Monachyle Mohr Hotel - Balquhidder, Lochearnhead, Perthshire, FK19 8PQ
5 course meal £47
Everything about the Mhor had exceeded all expectations, the complimentary homemade shortbread was buttery and textured, and service was faultlessly friendly, atmospheric morning mist and view as standard and not one interior design faux pas! With all but one box ticked, I was pretty certain Lewis would not disappoint on the main event.
I was fairly happy to trade in the gortex for chiffon and heels but a bit too overzealous for dinner to commence. So much so that we had to wait for our table and ended up catching the rest of the sunset with a glass of crisp white and a trio of nibblets. The creamed salmon balancing on the blue potato crisp was devoured in a oner so too were the others, but not to worry we were escorted to the ivy coloured dining room just in time to embark on the rest of the well crafted feast.
After a gander at the menu I was giddy. The mini courses sounded food enough to eat as a main – how could you not want more than one oyster and razor clam finely diced and dressed in garden herbs? Perhaps because your head is telling you that you have four, potentially five other plates ahead of you before you flop into your bed and into the finishing line. Thank you wise old head for stopping me from having one and not three of the freshly baked mutli seed buns, leaving more room for my pork belly confit starter and apple snaps and for a bite of Andrews open wild garlic ravioli.
A refreshing shot of blended mint, pea and lettuce later we were primed for the next round. The famed Scottish beef in the short rib form went to Andrew and I went surf with sole and romesco sauce. The fish was milky and delicate but amply jazzed up by the nuttiness of the sauce, the velvety Shetland black potatoes and the bite of the sprouting broccoli.
I eat anything once, but return for flavours I know I like or a combination of, that I might like more when put together. Banana, is a grey area, I tend to eat it for nutritional value but not really for flavour. The desert was tricky territory, a slightly grown up twist on a banana sundae - vanilla parfait and homemade banana marshmallows with chocolate lattices. Another round of applause for Lewis, it was spectacular! Waxy banana was banished and in its place were aerated clouds of tropicalness, cushioned between familiar vanilla notes and brought to attention by shadowy dark cocoa.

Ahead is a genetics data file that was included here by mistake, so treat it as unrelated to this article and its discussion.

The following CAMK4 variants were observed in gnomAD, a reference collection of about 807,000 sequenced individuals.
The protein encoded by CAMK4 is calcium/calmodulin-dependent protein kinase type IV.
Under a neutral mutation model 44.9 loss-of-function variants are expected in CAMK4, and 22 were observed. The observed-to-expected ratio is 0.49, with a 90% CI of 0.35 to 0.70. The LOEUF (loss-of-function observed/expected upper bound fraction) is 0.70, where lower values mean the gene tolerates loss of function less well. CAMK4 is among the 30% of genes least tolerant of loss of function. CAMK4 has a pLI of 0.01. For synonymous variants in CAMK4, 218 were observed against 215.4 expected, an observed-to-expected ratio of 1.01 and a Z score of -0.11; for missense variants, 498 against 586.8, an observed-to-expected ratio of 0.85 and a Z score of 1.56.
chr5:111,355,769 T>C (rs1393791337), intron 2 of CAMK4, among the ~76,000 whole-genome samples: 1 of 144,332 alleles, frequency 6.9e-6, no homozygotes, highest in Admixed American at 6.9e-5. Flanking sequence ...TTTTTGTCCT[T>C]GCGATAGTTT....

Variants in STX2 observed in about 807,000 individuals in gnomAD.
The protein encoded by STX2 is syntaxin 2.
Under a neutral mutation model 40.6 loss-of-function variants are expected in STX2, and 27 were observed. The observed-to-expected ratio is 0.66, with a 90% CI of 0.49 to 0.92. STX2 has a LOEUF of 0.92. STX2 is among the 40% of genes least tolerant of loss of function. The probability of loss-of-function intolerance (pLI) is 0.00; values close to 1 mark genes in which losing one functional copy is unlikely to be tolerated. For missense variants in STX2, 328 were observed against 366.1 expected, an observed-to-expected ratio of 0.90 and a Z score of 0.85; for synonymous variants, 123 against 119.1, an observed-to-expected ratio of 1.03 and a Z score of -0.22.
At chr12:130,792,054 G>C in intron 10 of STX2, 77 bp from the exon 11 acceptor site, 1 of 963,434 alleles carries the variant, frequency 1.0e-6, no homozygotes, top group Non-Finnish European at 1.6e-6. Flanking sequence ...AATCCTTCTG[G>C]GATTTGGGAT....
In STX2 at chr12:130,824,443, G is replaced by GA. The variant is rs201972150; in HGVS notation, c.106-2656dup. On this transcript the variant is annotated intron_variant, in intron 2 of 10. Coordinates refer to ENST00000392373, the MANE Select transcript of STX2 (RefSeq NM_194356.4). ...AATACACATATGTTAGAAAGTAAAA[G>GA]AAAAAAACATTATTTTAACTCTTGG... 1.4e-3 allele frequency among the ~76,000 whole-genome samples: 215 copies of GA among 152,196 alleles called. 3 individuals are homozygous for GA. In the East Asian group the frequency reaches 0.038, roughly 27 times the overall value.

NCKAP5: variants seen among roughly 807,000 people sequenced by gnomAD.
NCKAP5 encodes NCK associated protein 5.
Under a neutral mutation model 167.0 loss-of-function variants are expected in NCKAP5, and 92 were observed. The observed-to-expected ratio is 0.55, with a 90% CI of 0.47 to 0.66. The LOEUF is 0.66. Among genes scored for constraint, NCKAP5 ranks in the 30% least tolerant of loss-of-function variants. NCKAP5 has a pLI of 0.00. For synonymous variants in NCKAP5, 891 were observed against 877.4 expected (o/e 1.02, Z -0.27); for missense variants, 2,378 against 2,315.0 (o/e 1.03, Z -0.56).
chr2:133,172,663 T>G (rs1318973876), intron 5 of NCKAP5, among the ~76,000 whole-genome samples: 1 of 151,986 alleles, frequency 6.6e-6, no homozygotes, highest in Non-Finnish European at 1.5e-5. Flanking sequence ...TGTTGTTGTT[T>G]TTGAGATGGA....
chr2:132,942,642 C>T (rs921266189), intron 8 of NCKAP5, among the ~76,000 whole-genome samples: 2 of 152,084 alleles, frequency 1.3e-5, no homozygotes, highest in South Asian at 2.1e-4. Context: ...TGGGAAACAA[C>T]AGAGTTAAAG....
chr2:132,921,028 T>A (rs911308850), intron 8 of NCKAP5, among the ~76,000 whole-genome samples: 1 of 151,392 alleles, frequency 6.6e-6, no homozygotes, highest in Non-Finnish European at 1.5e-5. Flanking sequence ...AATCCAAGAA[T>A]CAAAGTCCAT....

Sweet cubes of homemade chocolate fudge and Scottish tablet arrived with our espressos, and sent our taste buds adrift on waves of silky sweetened cream. Obesity would have surely beckoned if faced with a box of these. With bellies satisfied we retired to bed taking our cheeseboard with us, to have with some home mixed Negroni's! As that’s the beauty of having a destination restaurant at the bottom of the stair case, a couple of dozen steps to looser clothes and a feather down bed.
I would have quite happily detoured from the main road for an hour or so to sample the above, the drive and backdrop to the glorious food is a third of why I recommend the Mhor in spadefuls. The second is the spot on food (and impeccable thoughtful service) and the fact that a meal of that calibre cost me a mere forty something British pounds!
Lewis has made the best of his seclusion amongst the glens by pioneering the use of local produce and the slow food movement which he holds at the core if his food. Resulting in the best ingredients cooked honestly. It's as if all the culinary components were long lost friends joyously reuniting on the plate, bouncing off each other merrily without the need to vie for attention. This is Monachyle Mhor’s forte, to plate up flavours made for each other but in an uncomplicated way, simply because the ingredients don't need it.